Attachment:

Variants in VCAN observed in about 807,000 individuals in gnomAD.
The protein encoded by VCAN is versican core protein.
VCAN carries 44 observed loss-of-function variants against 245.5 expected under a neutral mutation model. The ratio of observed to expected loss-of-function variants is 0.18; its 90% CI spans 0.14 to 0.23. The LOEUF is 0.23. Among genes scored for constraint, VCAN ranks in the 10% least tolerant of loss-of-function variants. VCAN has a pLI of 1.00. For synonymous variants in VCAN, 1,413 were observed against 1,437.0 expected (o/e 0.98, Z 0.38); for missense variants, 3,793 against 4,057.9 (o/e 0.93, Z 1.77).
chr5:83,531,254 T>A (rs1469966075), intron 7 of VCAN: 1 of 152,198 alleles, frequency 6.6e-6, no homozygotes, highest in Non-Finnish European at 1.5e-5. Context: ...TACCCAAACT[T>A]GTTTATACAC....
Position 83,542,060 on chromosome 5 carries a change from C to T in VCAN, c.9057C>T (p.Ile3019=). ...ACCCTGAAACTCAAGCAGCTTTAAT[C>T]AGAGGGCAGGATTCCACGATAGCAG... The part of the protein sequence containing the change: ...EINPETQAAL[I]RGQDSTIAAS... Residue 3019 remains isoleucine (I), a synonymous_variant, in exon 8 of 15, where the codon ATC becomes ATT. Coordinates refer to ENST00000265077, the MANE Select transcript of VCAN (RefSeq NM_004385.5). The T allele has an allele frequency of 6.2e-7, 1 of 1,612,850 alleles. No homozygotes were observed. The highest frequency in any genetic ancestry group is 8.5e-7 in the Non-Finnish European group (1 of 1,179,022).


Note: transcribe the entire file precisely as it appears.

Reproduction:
Variants in VCAN observed in about 807,000 individuals in gnomAD.
The protein encoded by VCAN is versican core protein.
VCAN carries 44 observed loss-of-function variants against 245.5 expected under a neutral mutation model. The ratio of observed to expected loss-of-function variants is 0.18; its 90% CI spans 0.14 to 0.23. The LOEUF is 0.23. Among genes scored for constraint, VCAN ranks in the 10% least tolerant of loss-of-function variants. VCAN has a pLI of 1.00. For synonymous variants in VCAN, 1,413 were observed against 1,437.0 expected (o/e 0.98, Z 0.38); for missense variants, 3,793 against 4,057.9 (o/e 0.93, Z 1.77).
chr5:83,531,254 T>A (rs1469966075), intron 7 of VCAN: 1 of 152,198 alleles, frequency 6.6e-6, no homozygotes, highest in Non-Finnish European at 1.5e-5. Context: ...TACCCAAACT[T>A]GTTTATACAC....
Position 83,542,060 on chromosome 5 carries a change from C to T in VCAN, c.9057C>T (p.Ile3019=). ...ACCCTGAAACTCAAGCAGCTTTAAT[C>T]AGAGGGCAGGATTCCACGATAGCAG... The part of the protein sequence containing the change: ...EINPETQAAL[I]RGQDSTIAAS... Residue 3019 remains isoleucine (I), a synonymous_variant, in exon 8 of 15, where the codon ATC becomes ATT. Coordinates refer to ENST00000265077, the MANE Select transcript of VCAN (RefSeq NM_004385.5). The T allele has an allele frequency of 6.2e-7, 1 of 1,612,850 alleles. No homozygotes were observed. The highest frequency in any genetic ancestry group is 8.5e-7 in the Non-Finnish European group (1 of 1,179,022).